It isn’t easy keeping a year-round convertible daily driver rust-free in Michigan, but Jan Fultz knows the secret. She was fresh out of school in 1961 and while riding with a friend on Michigan Avenue in Dearborn her attention was drawn to a 1958 Chevrolet Impala convertible parked on a used-car lot. Chevrolet first introduced the Impala in 1958 as a sub-series of the Bel Air model.
was in the market for her first car so she planned to stop at the car
lot on the return trip. Unfortunately, the car was not on the lot when
she returned. Luckily, she says, the Chevrolet had not been sold, but
had only been moved inside the building for detailing.
inspection, the used car proved to be as nice as she first thought it
to be. The then three-year-old Impala had been driven 25,000 miles when
she purchased it on Oct. 9, 1961.
The convertible was exactly what
she wanted. The red/black/silver vinyl upholstery and red carpeting
along with the Rio Red dashboard padding contrasted with the Snowcrest
White exterior. There’s no power steering, power brakes or power
windows. “That means there is less to go wrong,” Fultz observes.
250 horsepower developed by the 348-cubic-inch V-8 engine is
transferred to the 14-inch rear wheels through the automatic Powerglide
Soon after acquiring the 1958 Impala the white
convertible top was replaced. “I think it cost about $67,” Fultz says,
“and that included a new rear window.” The replacement top is still on
the car, usually hidden under a red boot.
For the next decade,
Fultz drove her white convertible on a daily basis. Her secret to
keeping the notorious rust monster at bay was maintaining a clean car 12
months of the year, not an easy task in Michigan. In the winter, she
regularly would attach a garden hose to the hot water heater in the
basement and thread the hose out the basement window to the driveway.
There she could wash road salt and chemicals off her car. She has driven
her Impala as far as Florida and Massachusetts and never once has it
When Fultz got her father’s Chevelle in 1971 she was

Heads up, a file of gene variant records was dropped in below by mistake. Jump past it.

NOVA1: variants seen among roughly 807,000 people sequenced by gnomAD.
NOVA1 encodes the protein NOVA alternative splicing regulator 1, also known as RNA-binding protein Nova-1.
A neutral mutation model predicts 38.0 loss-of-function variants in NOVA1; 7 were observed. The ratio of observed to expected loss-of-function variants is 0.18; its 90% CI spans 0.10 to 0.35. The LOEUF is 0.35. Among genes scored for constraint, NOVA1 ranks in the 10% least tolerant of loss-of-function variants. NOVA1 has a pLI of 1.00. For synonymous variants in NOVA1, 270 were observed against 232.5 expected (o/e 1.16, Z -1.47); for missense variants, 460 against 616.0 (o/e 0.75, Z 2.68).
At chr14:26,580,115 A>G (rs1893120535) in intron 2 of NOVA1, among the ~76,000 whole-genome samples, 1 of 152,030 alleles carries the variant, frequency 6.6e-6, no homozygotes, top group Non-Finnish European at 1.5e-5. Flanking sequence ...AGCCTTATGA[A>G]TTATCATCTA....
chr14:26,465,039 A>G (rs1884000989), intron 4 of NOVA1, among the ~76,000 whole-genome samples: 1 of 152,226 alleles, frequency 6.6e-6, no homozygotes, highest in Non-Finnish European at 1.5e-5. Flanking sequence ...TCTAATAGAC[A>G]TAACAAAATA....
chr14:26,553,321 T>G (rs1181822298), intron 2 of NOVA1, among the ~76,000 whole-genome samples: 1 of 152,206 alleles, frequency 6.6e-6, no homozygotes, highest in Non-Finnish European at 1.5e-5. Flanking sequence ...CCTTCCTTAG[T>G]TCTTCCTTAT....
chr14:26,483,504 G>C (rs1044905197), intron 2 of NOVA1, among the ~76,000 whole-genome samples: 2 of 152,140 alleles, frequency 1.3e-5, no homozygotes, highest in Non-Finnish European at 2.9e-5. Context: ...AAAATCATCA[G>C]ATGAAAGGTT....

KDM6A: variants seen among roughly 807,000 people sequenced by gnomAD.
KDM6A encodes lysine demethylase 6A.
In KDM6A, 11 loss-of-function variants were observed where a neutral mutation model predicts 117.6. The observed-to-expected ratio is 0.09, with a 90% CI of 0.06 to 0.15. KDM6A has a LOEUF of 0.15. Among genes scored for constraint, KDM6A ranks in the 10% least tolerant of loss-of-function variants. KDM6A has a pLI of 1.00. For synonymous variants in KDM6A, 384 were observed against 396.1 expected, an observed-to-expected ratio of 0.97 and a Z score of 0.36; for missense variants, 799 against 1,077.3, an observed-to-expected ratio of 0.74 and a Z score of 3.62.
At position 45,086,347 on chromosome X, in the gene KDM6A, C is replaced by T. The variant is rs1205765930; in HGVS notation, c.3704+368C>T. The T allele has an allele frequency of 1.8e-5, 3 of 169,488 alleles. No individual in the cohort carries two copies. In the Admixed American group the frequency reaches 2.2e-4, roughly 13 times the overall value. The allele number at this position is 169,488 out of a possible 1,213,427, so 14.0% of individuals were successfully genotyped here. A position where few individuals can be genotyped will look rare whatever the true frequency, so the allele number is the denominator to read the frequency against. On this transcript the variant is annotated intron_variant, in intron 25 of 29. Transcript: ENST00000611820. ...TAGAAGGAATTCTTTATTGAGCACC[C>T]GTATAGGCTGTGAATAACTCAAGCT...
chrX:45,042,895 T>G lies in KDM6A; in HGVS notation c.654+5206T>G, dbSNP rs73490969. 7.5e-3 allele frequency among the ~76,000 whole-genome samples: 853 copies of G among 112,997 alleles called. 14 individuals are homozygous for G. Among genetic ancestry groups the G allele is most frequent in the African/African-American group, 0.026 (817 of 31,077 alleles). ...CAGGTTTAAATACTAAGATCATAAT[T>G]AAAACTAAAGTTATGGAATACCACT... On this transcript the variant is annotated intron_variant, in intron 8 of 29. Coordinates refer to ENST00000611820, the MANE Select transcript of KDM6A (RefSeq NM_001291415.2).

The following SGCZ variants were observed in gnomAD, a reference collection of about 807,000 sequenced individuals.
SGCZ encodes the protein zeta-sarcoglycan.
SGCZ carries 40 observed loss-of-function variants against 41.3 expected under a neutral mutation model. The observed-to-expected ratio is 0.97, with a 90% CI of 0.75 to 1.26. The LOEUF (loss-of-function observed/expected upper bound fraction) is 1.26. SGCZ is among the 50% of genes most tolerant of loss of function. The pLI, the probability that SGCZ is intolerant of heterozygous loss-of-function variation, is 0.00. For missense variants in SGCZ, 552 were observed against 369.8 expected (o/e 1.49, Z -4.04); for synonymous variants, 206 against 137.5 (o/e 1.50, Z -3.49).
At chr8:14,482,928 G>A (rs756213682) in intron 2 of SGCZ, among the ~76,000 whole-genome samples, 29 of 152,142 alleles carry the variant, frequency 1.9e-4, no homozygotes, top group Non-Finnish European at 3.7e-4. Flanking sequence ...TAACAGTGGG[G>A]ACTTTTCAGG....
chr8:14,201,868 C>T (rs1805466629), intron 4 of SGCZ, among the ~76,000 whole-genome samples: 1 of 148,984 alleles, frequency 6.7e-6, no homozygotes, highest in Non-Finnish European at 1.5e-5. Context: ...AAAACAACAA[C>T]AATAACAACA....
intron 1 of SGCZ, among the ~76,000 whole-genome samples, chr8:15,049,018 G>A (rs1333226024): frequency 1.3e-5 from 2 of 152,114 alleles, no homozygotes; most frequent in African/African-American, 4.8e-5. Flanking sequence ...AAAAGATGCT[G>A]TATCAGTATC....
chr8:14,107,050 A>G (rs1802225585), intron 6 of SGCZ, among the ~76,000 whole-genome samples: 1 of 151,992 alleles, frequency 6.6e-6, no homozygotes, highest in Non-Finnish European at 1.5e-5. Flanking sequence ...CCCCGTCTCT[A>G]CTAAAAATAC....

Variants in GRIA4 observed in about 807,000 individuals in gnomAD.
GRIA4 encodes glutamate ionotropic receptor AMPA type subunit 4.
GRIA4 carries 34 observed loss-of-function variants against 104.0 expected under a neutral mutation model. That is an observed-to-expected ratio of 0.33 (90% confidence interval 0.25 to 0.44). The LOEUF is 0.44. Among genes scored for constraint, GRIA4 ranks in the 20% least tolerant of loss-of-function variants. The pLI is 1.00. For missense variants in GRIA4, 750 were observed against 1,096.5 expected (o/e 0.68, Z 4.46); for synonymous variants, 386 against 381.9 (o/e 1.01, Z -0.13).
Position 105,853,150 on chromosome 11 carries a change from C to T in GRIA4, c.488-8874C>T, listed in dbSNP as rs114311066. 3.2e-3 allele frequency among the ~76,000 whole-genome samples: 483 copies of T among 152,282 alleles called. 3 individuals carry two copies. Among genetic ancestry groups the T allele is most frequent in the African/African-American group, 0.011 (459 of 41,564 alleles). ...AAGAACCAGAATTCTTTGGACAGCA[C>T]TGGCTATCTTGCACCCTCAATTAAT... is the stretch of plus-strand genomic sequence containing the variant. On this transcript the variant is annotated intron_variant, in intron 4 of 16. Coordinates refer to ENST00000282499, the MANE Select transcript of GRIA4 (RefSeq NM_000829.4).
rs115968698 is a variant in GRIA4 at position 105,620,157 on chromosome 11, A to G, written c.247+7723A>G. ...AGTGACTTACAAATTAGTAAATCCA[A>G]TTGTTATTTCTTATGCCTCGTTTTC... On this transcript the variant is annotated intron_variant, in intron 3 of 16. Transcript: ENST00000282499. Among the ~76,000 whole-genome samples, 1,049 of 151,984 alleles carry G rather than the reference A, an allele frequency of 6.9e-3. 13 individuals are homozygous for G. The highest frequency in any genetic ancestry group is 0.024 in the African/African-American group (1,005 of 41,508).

able to semi-retire her convertible. “It has been used as a show car
since 1974,” she says.
When new, the base price for a vehicle like
hers was $2,841. The 3,523-pound Impala is loaded with enough optional
extras that Fultz guesses the original owner more than likely paid in
excess of $4,000.
Although the dual-exhaust pipes exit under the
rear bumper, there are two dummy exhaust ports on the sides of the rear
fenders. Atop each rear fender is a radio antenna, but only the left one
is functional. Style was king in 1958, so the right antenna was
strictly for show.
only the outboard two parking lights are operational. The inboard pair
is not wired to anything, but the four parking lights look nice below
the four headlights, the first year Chevrolet had them. The Impala does
have two working spotlights. There are two exterior mirrors and two door
At the rear of the Impala is a dealer-installed
option, Fultz explains. It’s the continental kit, which is locked in
place. A hidden lever releases the tire that then tilts away from the
car, providing access to the 20-gallon gasoline tank, as well as to the
trunk. Inside the trunk is a well on the right side where a spare tire
would be if there were not one outside. “The trunk is so big you don’t
even know it’s there,” Fultz says.
The 20-gallons of gas are necessary, Fultz says, because her thirsty
V-8 returns only 10 miles per gallon. In 1981, a trusted body shop owner
suggested that if she was going to keep the car forever she might want
to have all the trim removed to verify the condition of the metal behind
the metal. Fultz agreed and when all the trim was removed she had the
car stripped and resprayed in the original Snowcrest White. Fultz
reports that her Impala’s odometer now reads close to 87,000 miles, the
most recent miles accumulated near her Howell, Mich., home.